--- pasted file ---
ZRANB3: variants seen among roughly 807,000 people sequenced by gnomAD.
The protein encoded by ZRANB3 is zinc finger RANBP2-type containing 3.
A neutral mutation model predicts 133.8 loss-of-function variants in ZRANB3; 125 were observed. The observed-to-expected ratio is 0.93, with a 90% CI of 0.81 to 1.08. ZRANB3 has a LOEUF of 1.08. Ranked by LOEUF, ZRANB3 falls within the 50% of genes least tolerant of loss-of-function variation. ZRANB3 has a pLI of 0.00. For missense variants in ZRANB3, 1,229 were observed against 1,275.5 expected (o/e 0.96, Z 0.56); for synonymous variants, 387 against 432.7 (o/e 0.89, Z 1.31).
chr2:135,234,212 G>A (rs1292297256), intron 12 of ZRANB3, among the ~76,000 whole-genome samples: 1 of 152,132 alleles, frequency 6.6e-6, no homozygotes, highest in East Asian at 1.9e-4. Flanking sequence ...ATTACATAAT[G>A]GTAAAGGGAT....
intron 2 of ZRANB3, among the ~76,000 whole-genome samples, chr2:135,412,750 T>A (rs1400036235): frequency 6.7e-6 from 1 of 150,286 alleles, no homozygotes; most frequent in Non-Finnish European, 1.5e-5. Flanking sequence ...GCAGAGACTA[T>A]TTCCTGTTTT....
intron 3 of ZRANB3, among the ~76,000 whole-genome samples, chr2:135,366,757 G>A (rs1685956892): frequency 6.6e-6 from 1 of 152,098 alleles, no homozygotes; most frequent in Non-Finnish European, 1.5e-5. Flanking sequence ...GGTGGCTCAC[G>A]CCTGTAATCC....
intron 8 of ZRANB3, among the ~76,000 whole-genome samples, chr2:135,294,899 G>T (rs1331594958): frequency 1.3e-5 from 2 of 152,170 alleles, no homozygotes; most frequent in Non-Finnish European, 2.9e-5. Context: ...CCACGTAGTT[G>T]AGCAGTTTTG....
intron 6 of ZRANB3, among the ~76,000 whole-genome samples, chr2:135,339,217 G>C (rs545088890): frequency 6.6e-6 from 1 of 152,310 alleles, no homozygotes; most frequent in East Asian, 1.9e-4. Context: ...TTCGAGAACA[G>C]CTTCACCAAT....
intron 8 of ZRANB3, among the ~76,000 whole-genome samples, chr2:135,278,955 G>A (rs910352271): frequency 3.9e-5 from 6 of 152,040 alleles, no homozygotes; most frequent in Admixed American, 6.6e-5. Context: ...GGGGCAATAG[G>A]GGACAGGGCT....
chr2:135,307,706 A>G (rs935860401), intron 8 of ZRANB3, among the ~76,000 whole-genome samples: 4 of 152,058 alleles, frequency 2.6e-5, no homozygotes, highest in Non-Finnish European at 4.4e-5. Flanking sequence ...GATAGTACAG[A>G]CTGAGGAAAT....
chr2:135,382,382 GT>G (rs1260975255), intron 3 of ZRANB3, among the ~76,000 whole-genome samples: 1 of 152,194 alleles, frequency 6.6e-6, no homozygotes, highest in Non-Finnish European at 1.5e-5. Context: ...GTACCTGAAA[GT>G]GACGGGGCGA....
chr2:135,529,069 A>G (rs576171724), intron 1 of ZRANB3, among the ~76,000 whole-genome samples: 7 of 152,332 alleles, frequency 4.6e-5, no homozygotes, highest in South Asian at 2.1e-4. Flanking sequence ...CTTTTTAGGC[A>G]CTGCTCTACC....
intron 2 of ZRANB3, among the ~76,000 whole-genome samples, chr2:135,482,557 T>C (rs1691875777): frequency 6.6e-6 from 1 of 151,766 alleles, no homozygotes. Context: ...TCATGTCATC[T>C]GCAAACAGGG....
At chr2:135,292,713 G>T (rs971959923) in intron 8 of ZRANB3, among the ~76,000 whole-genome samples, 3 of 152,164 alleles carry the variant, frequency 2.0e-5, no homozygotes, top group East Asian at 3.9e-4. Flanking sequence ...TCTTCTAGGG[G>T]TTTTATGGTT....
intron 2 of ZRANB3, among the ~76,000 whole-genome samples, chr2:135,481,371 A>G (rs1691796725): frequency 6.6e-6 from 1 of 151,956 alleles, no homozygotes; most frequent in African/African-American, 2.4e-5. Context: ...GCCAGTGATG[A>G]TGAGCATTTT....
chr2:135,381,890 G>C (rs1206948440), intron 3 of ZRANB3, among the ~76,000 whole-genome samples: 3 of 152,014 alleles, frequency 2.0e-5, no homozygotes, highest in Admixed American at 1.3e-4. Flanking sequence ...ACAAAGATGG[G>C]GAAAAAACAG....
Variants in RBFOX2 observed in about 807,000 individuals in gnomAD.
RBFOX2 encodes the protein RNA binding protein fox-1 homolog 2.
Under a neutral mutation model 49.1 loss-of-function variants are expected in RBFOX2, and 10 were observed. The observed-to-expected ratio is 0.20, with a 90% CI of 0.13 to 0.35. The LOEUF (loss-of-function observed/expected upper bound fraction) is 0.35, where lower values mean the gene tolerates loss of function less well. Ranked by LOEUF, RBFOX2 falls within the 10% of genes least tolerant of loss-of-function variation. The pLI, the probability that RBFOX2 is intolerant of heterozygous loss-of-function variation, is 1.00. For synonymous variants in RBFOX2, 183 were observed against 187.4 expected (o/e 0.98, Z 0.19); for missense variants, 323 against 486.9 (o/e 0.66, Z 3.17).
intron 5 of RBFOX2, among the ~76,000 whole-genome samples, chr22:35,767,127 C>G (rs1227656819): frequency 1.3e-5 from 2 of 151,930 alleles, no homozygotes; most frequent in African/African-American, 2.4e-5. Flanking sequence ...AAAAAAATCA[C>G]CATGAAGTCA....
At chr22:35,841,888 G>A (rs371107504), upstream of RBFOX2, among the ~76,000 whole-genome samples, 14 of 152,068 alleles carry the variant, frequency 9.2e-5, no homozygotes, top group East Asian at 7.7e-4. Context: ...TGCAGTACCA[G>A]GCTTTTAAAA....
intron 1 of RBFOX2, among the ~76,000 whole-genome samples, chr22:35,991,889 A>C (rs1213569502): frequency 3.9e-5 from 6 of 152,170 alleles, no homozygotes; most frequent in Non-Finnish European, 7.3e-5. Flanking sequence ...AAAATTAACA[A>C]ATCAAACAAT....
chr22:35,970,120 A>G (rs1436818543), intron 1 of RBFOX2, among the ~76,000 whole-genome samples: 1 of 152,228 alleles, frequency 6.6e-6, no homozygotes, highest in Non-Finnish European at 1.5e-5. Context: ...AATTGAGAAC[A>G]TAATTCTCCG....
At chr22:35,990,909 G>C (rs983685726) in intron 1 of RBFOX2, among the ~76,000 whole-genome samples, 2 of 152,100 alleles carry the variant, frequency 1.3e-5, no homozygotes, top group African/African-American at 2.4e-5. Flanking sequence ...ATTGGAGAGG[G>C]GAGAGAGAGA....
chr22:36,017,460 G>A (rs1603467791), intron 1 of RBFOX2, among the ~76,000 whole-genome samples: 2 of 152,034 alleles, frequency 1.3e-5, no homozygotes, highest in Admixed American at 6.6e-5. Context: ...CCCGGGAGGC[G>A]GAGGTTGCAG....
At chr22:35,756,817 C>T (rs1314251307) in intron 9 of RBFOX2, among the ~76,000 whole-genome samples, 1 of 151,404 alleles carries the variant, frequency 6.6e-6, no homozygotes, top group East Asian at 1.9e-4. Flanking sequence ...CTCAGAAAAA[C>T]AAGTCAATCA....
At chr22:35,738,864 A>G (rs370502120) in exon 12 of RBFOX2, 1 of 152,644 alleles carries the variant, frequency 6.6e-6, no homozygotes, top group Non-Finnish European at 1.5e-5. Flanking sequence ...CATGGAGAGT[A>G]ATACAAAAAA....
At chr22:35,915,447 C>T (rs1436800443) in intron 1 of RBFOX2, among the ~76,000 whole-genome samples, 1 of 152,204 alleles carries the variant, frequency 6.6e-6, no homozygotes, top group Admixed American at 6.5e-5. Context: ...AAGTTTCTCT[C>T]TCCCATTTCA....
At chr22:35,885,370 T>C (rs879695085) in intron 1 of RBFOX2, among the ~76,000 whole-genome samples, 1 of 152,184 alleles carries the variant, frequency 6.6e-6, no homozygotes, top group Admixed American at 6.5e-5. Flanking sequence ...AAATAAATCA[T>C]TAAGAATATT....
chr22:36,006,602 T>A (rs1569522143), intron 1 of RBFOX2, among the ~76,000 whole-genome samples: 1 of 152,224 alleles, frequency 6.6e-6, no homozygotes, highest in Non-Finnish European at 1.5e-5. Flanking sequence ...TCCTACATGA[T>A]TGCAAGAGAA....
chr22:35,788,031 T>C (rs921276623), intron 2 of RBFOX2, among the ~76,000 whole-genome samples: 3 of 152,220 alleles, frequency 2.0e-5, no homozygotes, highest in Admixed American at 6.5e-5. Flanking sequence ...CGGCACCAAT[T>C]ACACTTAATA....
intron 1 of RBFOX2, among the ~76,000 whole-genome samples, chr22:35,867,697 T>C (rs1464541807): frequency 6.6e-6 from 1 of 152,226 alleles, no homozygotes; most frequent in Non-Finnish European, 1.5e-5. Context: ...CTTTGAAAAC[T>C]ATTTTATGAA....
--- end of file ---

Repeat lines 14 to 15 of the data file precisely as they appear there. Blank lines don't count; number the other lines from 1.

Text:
At chr2:135,292,713 G>T (rs971959923) in intron 8 of ZRANB3, among the ~76,000 whole-genome samples, 3 of 152,164 alleles carry the variant, frequency 2.0e-5, no homozygotes, top group East Asian at 3.9e-4. Flanking sequence ...TCTTCTAGGG[G>T]TTTTATGGTT....
intron 2 of ZRANB3, among the ~76,000 whole-genome samples, chr2:135,481,371 A>G (rs1691796725): frequency 6.6e-6 from 1 of 151,956 alleles, no homozygotes; most frequent in African/African-American, 2.4e-5. Context: ...GCCAGTGATG[A>G]TGAGCATTTT....